Being that we aren’t quite out of April, it’s a little early to read into most statistics but certain numbers become meaningful before others. Under the definition of ‘sample size’ in FanGraphs’ glossary, you’ll find a list of stats and the corresponding sample sizes needed before they achieve reliability. For offensive players, the first of those numbers is swing percentage, or how often a given hitter decides to swing the bat.
Theoretically, swinging less often is viewed positively since it suggests that the hitter could be cultivating a more disciplined approach. Selectivity is important for two reasons: (1) Hitters have a better chance to reach base via the walk if they resist swinging at pitches outside the strike zone, and (2) abstaining from pitches that would likely induce weak contact allows them to avoid making easy outs.
According to FanGraphs, swing percentage stabilizes after 50 plate appearances. Most of the Cardinals’ regulars have accumulated enough plate appearances for us to visit this stat and observe whether any obvious trends have emerged. It’s important to note that even though a trend is established after the stabilizing threshold (in this case, 50 PA) occurs, it does not mean that said player will continue to perform at the new rate, just that we can expect his performance to trend in that direction in the future.
The chart below portrays those Cardinals who have stepped to the plate at least 50 times this season and it pits their 2012 swing percentages (blue line) against their career swing percentages (red line). For the record, I’m using the PITCHf/x plate discipline numbers available at FanGraphs (as opposed to BIS data) for the reasons outlined by Colin Wyers in this Baseball Prospectus article. WARNING: I augment each individual player description with other statistics (strike out rate, line drive rate, walk rate, etc.) that have not yet stabilized, so while they are adequate descriptions of what has transpired thus far, they do not imply trends… yet.
Rafael Furcal and Carlos Beltran are swinging at fewer pitches overall but I’m not convinced that this is indicative of an overall change of approach at the plate. They are both well-established veterans unlikely to drastically change their approach given past, and in the case of Beltran, recent successes. The discrepancy in their approaches can likely be attributed to the fact that they’ve seen fewer pitches in the strike zone this season. Beltran has seen 2.4% fewer pitches in the strike zone while Furcal has seen 4.7% fewer (compared against entire career).
Yadier Molina is another example of a guy who is seeing fewer pitches inside the strike zone (44.7%) in 2012 than in his career (51.2%). It’s a good sign then that he is swinging less often. His selection process seems to be working as an impressive 29.4% of his balls in play have been line drives. His ability to perform at a level equal to or within shouting distance of 2011 would go along way towards justifying the contract that will pay him ~$15 million/year through 2017. I noticed yesterday morning that ZIPS’ updated 2012 projection (.346 wOBA) for Molina is now extremely close to his overall production (.349 wOBA) in 2011; see @bgh’s post at VEB for more information about Yadi’s offensive transformation.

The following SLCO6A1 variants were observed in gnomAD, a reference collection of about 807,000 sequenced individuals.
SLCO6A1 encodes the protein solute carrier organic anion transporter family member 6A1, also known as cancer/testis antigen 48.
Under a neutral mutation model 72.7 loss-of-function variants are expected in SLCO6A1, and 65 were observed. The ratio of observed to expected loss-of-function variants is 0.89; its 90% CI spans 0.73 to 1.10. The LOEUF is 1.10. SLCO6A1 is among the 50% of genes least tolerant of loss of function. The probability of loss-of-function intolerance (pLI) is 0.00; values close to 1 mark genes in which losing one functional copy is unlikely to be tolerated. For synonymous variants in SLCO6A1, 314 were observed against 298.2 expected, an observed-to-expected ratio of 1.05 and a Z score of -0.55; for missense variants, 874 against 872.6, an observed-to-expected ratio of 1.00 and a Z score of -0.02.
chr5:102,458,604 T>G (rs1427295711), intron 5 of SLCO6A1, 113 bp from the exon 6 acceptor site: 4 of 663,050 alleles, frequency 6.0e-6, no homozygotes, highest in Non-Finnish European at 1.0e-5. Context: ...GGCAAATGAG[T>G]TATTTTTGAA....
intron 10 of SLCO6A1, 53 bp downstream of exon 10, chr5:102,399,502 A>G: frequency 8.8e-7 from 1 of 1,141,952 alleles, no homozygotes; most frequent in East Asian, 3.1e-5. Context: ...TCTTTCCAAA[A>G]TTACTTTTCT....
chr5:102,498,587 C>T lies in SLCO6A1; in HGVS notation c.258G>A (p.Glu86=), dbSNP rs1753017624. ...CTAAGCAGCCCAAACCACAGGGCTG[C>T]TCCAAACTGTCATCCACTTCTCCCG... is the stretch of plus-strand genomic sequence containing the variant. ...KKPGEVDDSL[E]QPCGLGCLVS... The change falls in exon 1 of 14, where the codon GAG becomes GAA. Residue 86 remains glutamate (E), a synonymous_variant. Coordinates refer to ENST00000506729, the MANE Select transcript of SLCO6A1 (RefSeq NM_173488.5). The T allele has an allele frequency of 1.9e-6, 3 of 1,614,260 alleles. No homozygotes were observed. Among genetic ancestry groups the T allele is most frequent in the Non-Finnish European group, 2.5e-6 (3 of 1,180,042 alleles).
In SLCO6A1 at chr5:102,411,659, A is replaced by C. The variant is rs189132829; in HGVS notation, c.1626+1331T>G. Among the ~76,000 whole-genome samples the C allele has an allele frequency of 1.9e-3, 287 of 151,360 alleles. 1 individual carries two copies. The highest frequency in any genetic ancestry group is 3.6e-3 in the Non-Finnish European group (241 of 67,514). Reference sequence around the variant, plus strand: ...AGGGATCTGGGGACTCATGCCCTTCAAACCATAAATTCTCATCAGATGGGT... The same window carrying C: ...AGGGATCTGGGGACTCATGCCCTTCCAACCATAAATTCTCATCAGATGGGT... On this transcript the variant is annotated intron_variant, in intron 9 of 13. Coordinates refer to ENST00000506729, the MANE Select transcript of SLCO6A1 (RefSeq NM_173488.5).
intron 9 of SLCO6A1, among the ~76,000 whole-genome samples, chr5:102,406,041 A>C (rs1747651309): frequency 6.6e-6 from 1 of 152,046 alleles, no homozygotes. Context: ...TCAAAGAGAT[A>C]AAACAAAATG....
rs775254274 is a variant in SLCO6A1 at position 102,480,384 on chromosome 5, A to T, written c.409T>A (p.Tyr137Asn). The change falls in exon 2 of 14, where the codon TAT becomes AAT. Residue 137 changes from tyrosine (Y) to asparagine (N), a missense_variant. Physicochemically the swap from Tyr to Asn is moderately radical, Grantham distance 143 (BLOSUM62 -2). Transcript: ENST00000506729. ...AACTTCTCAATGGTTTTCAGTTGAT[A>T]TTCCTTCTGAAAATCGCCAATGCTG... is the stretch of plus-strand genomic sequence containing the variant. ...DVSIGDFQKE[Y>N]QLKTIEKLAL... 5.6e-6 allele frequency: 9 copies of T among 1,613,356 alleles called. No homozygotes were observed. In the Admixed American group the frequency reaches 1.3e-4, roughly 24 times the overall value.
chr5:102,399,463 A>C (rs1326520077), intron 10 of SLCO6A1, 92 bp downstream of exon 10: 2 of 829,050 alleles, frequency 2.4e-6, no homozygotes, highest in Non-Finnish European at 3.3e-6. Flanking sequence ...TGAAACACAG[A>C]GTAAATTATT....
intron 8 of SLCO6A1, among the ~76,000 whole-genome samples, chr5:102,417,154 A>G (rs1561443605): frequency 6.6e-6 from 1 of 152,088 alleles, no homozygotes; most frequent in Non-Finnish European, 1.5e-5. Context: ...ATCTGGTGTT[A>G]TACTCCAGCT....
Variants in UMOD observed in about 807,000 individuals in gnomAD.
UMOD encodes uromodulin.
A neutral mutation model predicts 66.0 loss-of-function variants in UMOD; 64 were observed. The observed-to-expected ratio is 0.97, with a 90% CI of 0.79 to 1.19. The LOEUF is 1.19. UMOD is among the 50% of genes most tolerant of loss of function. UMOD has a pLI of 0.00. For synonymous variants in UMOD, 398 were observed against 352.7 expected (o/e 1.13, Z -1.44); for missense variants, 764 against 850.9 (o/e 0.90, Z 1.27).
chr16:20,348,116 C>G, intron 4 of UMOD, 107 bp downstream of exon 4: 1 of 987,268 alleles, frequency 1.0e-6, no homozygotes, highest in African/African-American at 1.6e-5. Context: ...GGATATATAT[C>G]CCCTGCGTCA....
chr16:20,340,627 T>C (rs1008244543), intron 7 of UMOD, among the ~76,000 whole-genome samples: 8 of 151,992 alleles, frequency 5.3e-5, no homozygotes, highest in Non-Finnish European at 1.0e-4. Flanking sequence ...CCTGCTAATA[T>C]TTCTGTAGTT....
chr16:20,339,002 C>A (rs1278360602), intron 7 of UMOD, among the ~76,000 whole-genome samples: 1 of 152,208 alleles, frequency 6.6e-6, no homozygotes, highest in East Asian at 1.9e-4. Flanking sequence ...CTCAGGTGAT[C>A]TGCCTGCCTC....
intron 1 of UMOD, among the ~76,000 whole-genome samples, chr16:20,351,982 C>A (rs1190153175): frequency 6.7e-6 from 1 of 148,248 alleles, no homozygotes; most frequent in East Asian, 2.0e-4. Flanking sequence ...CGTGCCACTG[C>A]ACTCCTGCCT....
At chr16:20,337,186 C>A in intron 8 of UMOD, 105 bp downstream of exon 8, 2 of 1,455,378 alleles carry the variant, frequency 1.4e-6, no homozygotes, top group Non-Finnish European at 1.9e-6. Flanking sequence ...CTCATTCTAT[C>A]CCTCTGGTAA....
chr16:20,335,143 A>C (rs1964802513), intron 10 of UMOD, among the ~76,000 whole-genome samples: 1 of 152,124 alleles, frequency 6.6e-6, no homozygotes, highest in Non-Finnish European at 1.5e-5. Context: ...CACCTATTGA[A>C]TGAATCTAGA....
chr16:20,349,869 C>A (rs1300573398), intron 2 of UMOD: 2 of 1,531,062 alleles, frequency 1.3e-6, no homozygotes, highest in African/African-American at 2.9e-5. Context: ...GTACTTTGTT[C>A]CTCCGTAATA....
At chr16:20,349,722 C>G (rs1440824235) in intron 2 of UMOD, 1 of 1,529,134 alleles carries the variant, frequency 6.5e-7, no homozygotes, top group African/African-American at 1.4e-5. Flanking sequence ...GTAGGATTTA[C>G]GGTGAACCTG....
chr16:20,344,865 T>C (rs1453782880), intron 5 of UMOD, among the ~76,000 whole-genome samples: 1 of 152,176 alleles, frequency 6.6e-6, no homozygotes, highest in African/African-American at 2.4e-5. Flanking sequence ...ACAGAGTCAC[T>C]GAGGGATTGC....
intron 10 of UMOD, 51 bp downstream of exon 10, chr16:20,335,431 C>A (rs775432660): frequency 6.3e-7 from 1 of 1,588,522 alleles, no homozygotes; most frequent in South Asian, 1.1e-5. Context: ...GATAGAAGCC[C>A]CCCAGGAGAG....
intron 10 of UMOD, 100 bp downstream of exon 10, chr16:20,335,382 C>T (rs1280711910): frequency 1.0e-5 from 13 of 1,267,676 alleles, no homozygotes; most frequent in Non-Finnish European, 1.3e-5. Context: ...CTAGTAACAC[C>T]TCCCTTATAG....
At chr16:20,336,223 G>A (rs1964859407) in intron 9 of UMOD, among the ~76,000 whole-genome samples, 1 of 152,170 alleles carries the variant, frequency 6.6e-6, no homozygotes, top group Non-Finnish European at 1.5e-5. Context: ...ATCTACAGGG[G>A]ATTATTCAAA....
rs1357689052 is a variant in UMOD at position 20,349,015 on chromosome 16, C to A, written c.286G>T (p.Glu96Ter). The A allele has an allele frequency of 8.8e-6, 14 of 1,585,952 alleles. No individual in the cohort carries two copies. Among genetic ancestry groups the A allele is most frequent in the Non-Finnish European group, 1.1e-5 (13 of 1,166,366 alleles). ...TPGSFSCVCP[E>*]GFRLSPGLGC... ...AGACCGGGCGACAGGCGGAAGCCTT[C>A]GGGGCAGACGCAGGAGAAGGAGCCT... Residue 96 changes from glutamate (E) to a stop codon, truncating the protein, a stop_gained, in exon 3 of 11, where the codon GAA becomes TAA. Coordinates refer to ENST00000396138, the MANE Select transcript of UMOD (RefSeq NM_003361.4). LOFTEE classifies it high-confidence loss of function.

David Freese is swinging slightly more often than his career to date. While his production has been fantastic thus far in 2012, there are some worrisome underlying numbers. For example, he’s only walking 5% of the time but striking out 27.5% of the time, while much of his success is predicated on a high BABIP (.417) not likely to be sustained by a line drive rate that is only slightly higher than league average. Of course, walk rates and strike out rates do not stabilize until 200 and 150 plate appearances respectively, so things might look differently by the time we get there.
Matt Carpenter is confirming what we already knew. He doesn’t swing a whole lot. He doesn’t wear batting gloves. Moving along…
In spring training, I observed that Daniel Descalso was taking more walks than he had in the past, and the trend seems to have carried over into the regular season. Descalso is swinging at 7.5% less often than he has in the past despite seeing the same amount of pitches in the zone. As he approaches 200 plate appearance, it will be interesting to see if this trend continues. Since his success is predicated more on luck on balls in play, it would behoove him to adopt more patience at the plate so that he has more than one way to get on base.
Jon Jay is interesting. Even though he has seen a greater amount of pitches within the strike zone, he has swung less often, and he seems to be laying off the right pitches. While the average major leaguer swings at roughly 28% of pitches outside of the strike zone (also close to Jay’s career rate), he has only chased 18% of such pitches in 2012.
With the exception of Freese, the Cardinals seem to be swinging at fewer pitches overall. This is encouraging since several of them have seen a reduced amount of pitches within the strike zone. Perhaps McGwire’s emphasis on looking for a pitch in a certain area of the strike zone is taking root.